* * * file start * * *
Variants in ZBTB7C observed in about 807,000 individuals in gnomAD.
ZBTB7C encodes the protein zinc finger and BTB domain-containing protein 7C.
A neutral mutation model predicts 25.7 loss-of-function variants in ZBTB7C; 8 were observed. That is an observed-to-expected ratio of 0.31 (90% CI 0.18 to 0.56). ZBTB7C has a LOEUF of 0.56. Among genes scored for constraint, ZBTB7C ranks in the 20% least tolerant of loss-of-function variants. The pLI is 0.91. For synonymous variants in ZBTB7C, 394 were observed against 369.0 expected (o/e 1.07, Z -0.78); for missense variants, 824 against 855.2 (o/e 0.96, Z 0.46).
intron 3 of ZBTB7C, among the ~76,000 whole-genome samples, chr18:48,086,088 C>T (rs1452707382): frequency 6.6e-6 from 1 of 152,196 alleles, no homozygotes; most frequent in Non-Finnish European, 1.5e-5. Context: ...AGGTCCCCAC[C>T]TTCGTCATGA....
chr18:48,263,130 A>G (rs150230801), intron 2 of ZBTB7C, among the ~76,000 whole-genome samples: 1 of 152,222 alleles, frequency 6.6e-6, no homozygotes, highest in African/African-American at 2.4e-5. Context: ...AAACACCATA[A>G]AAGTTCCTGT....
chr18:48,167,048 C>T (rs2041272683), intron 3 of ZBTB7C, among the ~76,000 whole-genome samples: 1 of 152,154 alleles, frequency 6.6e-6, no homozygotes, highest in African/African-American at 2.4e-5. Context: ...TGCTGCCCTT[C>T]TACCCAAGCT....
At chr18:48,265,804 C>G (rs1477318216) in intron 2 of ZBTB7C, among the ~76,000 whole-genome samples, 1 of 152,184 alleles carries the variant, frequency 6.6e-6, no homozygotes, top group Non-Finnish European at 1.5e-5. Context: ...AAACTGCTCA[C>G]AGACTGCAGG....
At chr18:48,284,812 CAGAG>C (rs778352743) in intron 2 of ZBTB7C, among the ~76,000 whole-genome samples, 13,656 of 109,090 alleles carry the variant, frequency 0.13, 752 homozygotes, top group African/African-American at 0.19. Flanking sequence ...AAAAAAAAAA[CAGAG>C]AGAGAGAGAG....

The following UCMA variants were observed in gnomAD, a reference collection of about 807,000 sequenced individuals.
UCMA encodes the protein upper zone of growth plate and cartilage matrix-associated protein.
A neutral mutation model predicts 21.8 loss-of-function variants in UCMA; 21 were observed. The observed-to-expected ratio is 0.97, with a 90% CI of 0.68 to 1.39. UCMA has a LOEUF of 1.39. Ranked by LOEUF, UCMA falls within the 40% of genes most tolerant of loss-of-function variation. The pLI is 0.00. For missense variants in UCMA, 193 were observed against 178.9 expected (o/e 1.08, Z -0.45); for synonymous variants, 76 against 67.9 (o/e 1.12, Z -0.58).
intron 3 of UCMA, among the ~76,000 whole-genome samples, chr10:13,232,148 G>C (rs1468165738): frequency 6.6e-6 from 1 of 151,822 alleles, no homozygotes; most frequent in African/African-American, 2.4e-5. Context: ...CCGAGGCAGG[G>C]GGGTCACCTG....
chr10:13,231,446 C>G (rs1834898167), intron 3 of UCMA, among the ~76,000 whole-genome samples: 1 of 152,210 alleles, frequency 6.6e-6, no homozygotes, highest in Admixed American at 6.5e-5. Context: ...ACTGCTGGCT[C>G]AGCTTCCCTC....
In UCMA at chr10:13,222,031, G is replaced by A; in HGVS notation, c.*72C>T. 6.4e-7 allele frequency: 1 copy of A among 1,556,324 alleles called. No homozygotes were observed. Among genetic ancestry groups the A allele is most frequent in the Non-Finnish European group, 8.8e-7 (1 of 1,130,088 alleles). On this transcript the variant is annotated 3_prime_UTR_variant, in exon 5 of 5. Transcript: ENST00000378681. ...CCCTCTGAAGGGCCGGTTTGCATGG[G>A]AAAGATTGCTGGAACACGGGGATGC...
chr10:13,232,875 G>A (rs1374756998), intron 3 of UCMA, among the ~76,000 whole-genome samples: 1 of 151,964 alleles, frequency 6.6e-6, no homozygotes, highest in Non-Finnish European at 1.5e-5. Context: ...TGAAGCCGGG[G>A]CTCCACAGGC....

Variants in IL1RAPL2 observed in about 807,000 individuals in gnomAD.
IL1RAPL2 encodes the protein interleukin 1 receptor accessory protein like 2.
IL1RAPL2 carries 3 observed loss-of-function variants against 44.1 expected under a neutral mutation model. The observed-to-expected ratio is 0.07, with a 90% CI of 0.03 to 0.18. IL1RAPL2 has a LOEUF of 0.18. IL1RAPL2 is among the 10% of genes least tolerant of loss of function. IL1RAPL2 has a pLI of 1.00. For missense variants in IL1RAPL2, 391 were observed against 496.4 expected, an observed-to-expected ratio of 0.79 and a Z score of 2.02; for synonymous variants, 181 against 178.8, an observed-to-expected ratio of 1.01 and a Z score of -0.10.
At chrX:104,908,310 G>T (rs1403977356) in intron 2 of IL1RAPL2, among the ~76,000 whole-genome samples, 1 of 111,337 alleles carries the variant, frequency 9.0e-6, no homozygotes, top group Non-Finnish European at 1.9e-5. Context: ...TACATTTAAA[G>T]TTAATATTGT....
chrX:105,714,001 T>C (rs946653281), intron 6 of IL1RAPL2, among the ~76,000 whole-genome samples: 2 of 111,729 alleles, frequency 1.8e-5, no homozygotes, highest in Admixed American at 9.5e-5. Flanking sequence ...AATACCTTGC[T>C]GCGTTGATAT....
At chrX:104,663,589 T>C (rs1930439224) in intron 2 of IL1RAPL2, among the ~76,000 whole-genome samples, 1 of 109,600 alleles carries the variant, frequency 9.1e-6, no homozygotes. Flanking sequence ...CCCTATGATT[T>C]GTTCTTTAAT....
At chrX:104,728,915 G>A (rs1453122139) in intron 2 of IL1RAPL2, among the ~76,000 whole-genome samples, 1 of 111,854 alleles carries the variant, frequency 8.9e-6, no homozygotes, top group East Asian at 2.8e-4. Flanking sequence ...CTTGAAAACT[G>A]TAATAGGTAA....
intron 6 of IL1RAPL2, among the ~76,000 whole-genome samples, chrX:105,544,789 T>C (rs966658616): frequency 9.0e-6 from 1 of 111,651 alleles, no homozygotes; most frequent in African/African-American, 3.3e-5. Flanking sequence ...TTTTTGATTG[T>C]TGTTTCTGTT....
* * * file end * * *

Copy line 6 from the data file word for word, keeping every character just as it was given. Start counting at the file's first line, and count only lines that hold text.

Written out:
chr18:48,167,048 C>T (rs2041272683), intron 3 of ZBTB7C, among the ~76,000 whole-genome samples: 1 of 152,154 alleles, frequency 6.6e-6, no homozygotes, highest in African/African-American at 2.4e-5. Context: ...TGCTGCCCTT[C>T]TACCCAAGCT....